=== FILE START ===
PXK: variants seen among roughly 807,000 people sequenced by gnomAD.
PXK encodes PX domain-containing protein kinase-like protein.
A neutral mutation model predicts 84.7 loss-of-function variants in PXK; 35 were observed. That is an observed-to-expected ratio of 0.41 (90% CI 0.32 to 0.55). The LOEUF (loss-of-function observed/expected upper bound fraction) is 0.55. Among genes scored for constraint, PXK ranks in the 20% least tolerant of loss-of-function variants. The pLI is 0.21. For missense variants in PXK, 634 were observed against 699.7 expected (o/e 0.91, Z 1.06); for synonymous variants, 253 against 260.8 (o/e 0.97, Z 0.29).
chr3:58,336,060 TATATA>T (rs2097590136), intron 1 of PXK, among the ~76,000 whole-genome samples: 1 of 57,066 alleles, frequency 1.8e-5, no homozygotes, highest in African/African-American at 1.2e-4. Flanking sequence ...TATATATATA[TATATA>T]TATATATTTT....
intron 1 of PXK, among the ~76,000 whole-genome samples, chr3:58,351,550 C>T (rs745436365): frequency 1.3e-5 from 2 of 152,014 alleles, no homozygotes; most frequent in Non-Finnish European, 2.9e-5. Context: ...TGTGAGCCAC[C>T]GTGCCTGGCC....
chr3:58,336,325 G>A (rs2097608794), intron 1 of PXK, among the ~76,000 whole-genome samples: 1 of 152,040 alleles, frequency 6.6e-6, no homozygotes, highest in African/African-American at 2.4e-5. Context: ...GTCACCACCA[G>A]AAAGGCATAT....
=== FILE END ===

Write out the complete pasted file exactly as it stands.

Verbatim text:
PXK: variants seen among roughly 807,000 people sequenced by gnomAD.
PXK encodes PX domain-containing protein kinase-like protein.
A neutral mutation model predicts 84.7 loss-of-function variants in PXK; 35 were observed. That is an observed-to-expected ratio of 0.41 (90% CI 0.32 to 0.55). The LOEUF (loss-of-function observed/expected upper bound fraction) is 0.55. Among genes scored for constraint, PXK ranks in the 20% least tolerant of loss-of-function variants. The pLI is 0.21. For missense variants in PXK, 634 were observed against 699.7 expected (o/e 0.91, Z 1.06); for synonymous variants, 253 against 260.8 (o/e 0.97, Z 0.29).
chr3:58,336,060 TATATA>T (rs2097590136), intron 1 of PXK, among the ~76,000 whole-genome samples: 1 of 57,066 alleles, frequency 1.8e-5, no homozygotes, highest in African/African-American at 1.2e-4. Flanking sequence ...TATATATATA[TATATA>T]TATATATTTT....
intron 1 of PXK, among the ~76,000 whole-genome samples, chr3:58,351,550 C>T (rs745436365): frequency 1.3e-5 from 2 of 152,014 alleles, no homozygotes; most frequent in Non-Finnish European, 2.9e-5. Context: ...TGTGAGCCAC[C>T]GTGCCTGGCC....
chr3:58,336,325 G>A (rs2097608794), intron 1 of PXK, among the ~76,000 whole-genome samples: 1 of 152,040 alleles, frequency 6.6e-6, no homozygotes, highest in African/African-American at 2.4e-5. Context: ...GTCACCACCA[G>A]AAAGGCATAT....